Mahon says there would be many advantages to having one Habitat organization serving two counties. "This would give us some real advantages and save money. We would still only need one insurance policy, one office, one Habitat International membership. Our critical repair and cleanup programs would not need to be duplicated, only expanded."

While Habitat's primary focus is on building new affordable housing, they

MORE INFORMATION

Catoosa County Habitat for Humanity will hold a public meeting to explore the possibility of expanding into Walker County on Thursday, June 13, at 6:30 p.m. in the Rhyne Board Room at the LaFayette/Walker County Library, 305 S. Duke St., LaFayette. All are invited to attend. To learn more about Catoosa County Habitat for Humanity, visit catoosahabitat.org or contact Penny Mahon at 706-861-5858.

are increasingly helping in other ways, Mahon says. Their "Re-Habitat Critical Repair" and "Community Cleanup" programs help improve existing housing and properties, and Mahon says local Habitats are encouraged to keep informed about everything from housing options and costs to programs to help with utilities and food. "Habitat International urges us to network with other nonprofits to help however we can. I often connect people with churches and programs that can help with needs that Habitat can't address."

Whether or not Catoosa Habitat expands into Walker County, says Mahon, depends on how much the community is interested and willing to get involved.

Mahon says many people think there's not a role for them in Habitat because they have no building skills. "That's not true at all," she says. "We need people who can plan events, who are good with finances, who can do fundraising, research, grant writing and other things. We need people with construction skills, too, of course."

Catoosa Habitat already owns some land in Walker County, says Mahon, so they have a bit of a head start getting established. If they can find people in the county willing to serve on their board and on committees and willing to get involved in promoting their programs in the county, Mahon says they will be on solid ground to proceed.

"We have so many wonderful people, groups and businesses who help us," says Mahon, "and I'm excited about expanding that kind of community involvement into Walker County. We hope many people will come out to the meeting to learn more."


Naomi Elementary has state of the 'art' media center
Center focuses on artists, performing arts, design and music

To expand their focus on the arts, Naomi Elementary staff and teachers have spent the last year creating a media center that now includes more than just books.

With four art stations that the students can choose from, the media center has become a place to explore many different kinds of media.

In the "art of color" center, students can explore and research different artists — the culture they lived in, the medium they used, the strategies they incorporated — and then create artwork based on what they have learned.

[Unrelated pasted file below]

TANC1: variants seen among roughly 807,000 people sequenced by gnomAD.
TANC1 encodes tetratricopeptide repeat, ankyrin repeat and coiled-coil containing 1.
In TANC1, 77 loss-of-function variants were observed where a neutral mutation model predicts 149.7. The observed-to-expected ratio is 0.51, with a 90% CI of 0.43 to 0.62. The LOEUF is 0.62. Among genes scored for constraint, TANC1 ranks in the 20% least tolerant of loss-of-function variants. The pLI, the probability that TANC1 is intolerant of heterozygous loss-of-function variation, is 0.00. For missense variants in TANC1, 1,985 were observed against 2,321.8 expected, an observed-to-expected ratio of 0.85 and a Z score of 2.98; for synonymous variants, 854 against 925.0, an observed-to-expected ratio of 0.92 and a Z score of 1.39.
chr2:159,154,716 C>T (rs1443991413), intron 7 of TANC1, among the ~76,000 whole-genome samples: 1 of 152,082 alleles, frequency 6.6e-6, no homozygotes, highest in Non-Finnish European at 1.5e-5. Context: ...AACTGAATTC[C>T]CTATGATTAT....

This center helps the students feel like they can be artists too. To help accomplish this, the students are also treated to lessons from artists they see every day. "The head custodian, artist Logan Cobb, came and taught the students pencil drawing and sketching," Principal Autumn Hentz said.

Next, the school created the "art of movement" center. "This is the center that the kids are most excited about," Hentz said. "It brings out the playfulness and imagination that technology takes away."

Focusing on the performing arts, the "art of movement" center gives students a chance to create plays based on what they have read in class. It is also a space for them to research singers, dancers, and actors

and incorporate that information into what they perform. With a small stage and puppets, the students can choose to put on a play even if they don't want to perform.

The "art of design" center brings together creativity and STEM (science, technology, engineering and mathematics) skills. "The first project we did here was local," Hentz said. "We wanted the students to see that it is here in our community."

They looked at the Tennessee Aquarium and why it has the triangle roof. Once the students discovered the reason, they were able to build a model of the roof or create their own model building out of materials available in the center. This center shows the students that art can be used for a purpose.

To expose the students to music, the "art of sound" center allows them to research and play different instruments and ways to use sound as art. "We noticed that we don't have a good representation in middle school and high school band, so we hope this center will help with that," said Hentz.

The media center also has a green room that the students and staff can use to make videos. "You are integrating all kinds of art when you use the green screen — public speaking, using sound effects," noted Hentz. "The kindergarten class has even used it. We are exposing them early."

Naomi Elementary teachers and staff hope that all of this exposure to the arts will create a better learning environment for the students. "We are all firm believers that this is going to make a positive change for the students," Hentz said. "You know it's a good thing when they trade in reward points to spend time in the media center."